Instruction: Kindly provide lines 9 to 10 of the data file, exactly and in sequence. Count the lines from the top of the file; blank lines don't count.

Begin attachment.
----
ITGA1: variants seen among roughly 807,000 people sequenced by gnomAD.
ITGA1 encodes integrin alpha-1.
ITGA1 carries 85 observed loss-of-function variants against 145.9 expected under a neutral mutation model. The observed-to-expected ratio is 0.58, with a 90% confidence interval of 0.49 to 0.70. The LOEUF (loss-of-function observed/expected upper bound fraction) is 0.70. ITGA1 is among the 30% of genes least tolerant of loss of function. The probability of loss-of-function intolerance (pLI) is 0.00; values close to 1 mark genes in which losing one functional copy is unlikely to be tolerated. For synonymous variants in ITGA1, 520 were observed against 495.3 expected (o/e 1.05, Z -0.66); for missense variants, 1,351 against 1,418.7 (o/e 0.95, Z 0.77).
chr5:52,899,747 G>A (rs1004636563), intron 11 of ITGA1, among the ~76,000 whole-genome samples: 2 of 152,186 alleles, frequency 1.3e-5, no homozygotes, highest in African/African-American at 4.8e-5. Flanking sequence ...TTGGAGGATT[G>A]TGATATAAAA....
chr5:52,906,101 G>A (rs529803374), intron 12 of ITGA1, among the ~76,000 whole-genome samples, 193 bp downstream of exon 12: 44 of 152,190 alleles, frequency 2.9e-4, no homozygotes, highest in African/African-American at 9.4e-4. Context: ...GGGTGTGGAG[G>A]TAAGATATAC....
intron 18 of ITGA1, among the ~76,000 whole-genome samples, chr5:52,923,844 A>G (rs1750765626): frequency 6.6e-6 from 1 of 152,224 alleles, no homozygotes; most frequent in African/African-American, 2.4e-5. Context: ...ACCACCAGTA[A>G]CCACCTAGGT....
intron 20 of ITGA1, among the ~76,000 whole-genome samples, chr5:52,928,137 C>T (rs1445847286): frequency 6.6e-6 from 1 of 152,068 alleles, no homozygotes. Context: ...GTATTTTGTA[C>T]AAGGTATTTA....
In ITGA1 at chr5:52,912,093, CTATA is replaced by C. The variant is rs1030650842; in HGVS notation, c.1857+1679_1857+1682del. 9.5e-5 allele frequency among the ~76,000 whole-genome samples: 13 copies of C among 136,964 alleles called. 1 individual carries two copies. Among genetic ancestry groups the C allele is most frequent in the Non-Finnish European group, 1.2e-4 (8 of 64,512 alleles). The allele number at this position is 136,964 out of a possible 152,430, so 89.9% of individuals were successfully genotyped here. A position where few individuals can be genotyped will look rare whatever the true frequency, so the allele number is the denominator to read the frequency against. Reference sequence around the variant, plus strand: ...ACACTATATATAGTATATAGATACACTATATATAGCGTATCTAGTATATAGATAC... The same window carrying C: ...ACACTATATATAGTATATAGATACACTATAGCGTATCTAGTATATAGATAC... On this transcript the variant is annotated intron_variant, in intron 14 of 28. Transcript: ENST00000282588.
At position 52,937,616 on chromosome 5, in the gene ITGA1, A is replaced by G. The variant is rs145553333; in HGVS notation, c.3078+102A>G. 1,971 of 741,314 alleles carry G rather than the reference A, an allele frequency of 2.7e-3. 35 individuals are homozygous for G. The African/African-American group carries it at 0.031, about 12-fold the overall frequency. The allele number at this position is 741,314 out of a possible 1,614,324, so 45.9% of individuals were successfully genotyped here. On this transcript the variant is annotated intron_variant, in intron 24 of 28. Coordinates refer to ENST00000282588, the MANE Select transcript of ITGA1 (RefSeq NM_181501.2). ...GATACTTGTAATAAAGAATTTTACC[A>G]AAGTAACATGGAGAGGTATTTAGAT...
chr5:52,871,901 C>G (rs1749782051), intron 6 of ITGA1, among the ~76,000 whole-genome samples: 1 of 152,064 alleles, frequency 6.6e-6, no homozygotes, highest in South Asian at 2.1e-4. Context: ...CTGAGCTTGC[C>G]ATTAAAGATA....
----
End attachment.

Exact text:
At position 52,937,616 on chromosome 5, in the gene ITGA1, A is replaced by G. The variant is rs145553333; in HGVS notation, c.3078+102A>G. 1,971 of 741,314 alleles carry G rather than the reference A, an allele frequency of 2.7e-3. 35 individuals are homozygous for G. The African/African-American group carries it at 0.031, about 12-fold the overall frequency. The allele number at this position is 741,314 out of a possible 1,614,324, so 45.9% of individuals were successfully genotyped here. On this transcript the variant is annotated intron_variant, in intron 24 of 28. Coordinates refer to ENST00000282588, the MANE Select transcript of ITGA1 (RefSeq NM_181501.2). ...GATACTTGTAATAAAGAATTTTACC[A>G]AAGTAACATGGAGAGGTATTTAGAT...
chr5:52,871,901 C>G (rs1749782051), intron 6 of ITGA1, among the ~76,000 whole-genome samples: 1 of 152,064 alleles, frequency 6.6e-6, no homozygotes, highest in South Asian at 2.1e-4. Context: ...CTGAGCTTGC[C>G]ATTAAAGATA....